During these unprecedented times across our nation, the Alzheimer’s Foundation of America (AFA) continues to answer the call for individuals with Alzheimer’s or related dementias, their family and caregivers, the general public and the frontline healthcare workers, providing critically needed programs and services.
They continue to assist with multiple services provided seven days a week.
Since the start of the coronavirus pandemic, the AFA’s licensed dementia trained social workers who run the AFA National Toll-Free Helpline (866-232-8484) have been working seven days a week to help answer caregivers’ questions relating to the coronavirus.
These include topics such as: What steps can I take to prevent my loved one with Alzheimer’s from getting sick?; How can I stay connected with my loved one living in a long-term setting who I am not allowed to visit?; My loved one’s adult day/respite program is closed, and “stay at home” orders prevent me from having another family member/friend come in to help. How can I cope with the added stress?
AFA’s Helpline served over 1,100 people between mid-March and early June via telephone conversations, web chats and text messages. The web chat and text message features are translatable for more than 90 different languages.
Additionally, the Helpline launched new telephone-based support groups specifically to help Alzheimer’s family caregivers navigate the challenges of COVID-19: including family members whose loved one lives in a long-term care setting or resolving family conflicts and stressors.
Educational & Therapeutic Programming
To ensure that people are still able to take advantage of therapeutic and activity programming during the coronavirus pandemic, AFA continues to offer daily virtual programs. Topics include art, music, dance, movement, yoga and virtual tours. Since mid-March AFA has done over 100 different programs/activity tip videos reaching more than 263,000 people. All of these programs can be seen on AFA’s Facebook page: www.facebook.com/AlzheimersFoundationofAmerica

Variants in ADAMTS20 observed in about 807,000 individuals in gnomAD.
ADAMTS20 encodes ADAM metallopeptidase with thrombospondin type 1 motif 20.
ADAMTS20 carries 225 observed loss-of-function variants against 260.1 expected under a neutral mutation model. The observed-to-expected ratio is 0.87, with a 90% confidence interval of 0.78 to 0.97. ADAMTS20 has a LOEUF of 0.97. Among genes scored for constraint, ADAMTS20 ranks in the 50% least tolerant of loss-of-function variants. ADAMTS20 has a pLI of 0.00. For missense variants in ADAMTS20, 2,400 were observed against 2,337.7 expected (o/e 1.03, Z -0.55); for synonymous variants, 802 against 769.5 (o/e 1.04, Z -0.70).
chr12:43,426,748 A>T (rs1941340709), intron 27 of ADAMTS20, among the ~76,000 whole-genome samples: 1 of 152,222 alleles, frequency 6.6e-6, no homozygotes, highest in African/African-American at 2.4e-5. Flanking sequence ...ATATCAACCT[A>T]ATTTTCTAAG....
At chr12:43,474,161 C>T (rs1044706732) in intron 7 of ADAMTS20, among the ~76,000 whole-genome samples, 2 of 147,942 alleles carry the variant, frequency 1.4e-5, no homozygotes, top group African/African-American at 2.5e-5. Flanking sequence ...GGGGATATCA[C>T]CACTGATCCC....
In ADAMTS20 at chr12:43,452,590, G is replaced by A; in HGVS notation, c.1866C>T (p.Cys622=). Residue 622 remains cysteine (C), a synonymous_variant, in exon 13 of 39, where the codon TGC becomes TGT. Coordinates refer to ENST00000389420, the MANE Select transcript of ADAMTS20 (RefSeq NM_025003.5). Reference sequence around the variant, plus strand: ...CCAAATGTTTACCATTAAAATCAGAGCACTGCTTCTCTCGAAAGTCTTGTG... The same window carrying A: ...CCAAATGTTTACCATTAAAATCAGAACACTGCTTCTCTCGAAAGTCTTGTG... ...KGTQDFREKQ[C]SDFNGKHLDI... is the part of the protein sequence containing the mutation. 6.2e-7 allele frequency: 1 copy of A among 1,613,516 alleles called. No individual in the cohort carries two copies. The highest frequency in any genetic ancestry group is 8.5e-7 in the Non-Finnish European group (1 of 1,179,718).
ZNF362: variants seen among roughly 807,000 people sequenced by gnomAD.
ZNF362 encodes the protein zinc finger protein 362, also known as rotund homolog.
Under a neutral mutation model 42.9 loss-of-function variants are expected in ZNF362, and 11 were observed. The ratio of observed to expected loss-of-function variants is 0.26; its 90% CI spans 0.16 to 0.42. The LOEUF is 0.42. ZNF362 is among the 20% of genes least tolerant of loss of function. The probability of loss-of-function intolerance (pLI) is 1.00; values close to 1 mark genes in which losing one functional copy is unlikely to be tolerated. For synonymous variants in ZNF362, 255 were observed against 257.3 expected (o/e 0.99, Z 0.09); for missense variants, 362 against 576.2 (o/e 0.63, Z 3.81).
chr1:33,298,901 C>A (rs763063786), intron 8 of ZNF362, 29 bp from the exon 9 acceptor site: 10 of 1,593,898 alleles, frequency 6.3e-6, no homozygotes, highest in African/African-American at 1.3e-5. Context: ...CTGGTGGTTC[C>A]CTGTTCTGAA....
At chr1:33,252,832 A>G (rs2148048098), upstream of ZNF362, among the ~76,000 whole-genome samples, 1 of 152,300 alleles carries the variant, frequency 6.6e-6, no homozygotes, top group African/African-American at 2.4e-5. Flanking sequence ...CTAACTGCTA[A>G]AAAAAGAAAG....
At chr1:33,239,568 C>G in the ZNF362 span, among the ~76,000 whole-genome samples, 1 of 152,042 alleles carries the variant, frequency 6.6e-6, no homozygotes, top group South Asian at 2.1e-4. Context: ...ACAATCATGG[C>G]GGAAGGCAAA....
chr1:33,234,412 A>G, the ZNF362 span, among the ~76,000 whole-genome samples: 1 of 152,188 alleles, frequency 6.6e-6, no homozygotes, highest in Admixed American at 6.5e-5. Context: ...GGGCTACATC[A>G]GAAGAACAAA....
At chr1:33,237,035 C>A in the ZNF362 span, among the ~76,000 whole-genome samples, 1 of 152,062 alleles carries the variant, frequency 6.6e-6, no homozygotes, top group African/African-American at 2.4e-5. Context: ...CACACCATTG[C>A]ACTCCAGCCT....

AFA also launched a new Alzheimer’s Educational Webinar Series and in the short time since its introduction, over 3,000 people have already attended these free educational webinars that include topics such as Eldercare in the New World, Care for the Caregiver, Innovative Activities and Enhancing Self Compassion. This informative series will continue through year’s end and include webinars on Advanced Directives, Nutrition, Clinical Research, Coping with Anxiety and more.
Brain health remains important during the coronavirus pandemic. While in-person memory screening tests were not available because of the nationwide “stay at home” order, AFA continues to provide information about its online memory screening test as a fun and easy way to keep your brain active while at home.
More than 6,400 people have taken the online test in the last three months. You can take a screening here: www.afamemorytest.com
Helpful information is available on the website at no cost concerning the impacts of the coronavirus on families affected by Alzheimer’s disease.
Topics include coronavirus prevention tips, AFA Helpline answering caregiver questions, therapeutic activities that can be done at home, reducing caregiver stress during COVID-19, dealing with disruptions in routines, staying connected with someone in a long-term care setting, preparing for potential hospitalization, safety tips for essential workers also caring for a loved one with Alzheimer’s disease, strengthening family relationships and resolving conflicts during COVID-19, COVID-19 support groups for families and ways to prevent caregiver burnout.
The community of dementia care persons does not have to try to handle challenges alone. Don’t hesitate to contact AFA by phone or online. Help is available.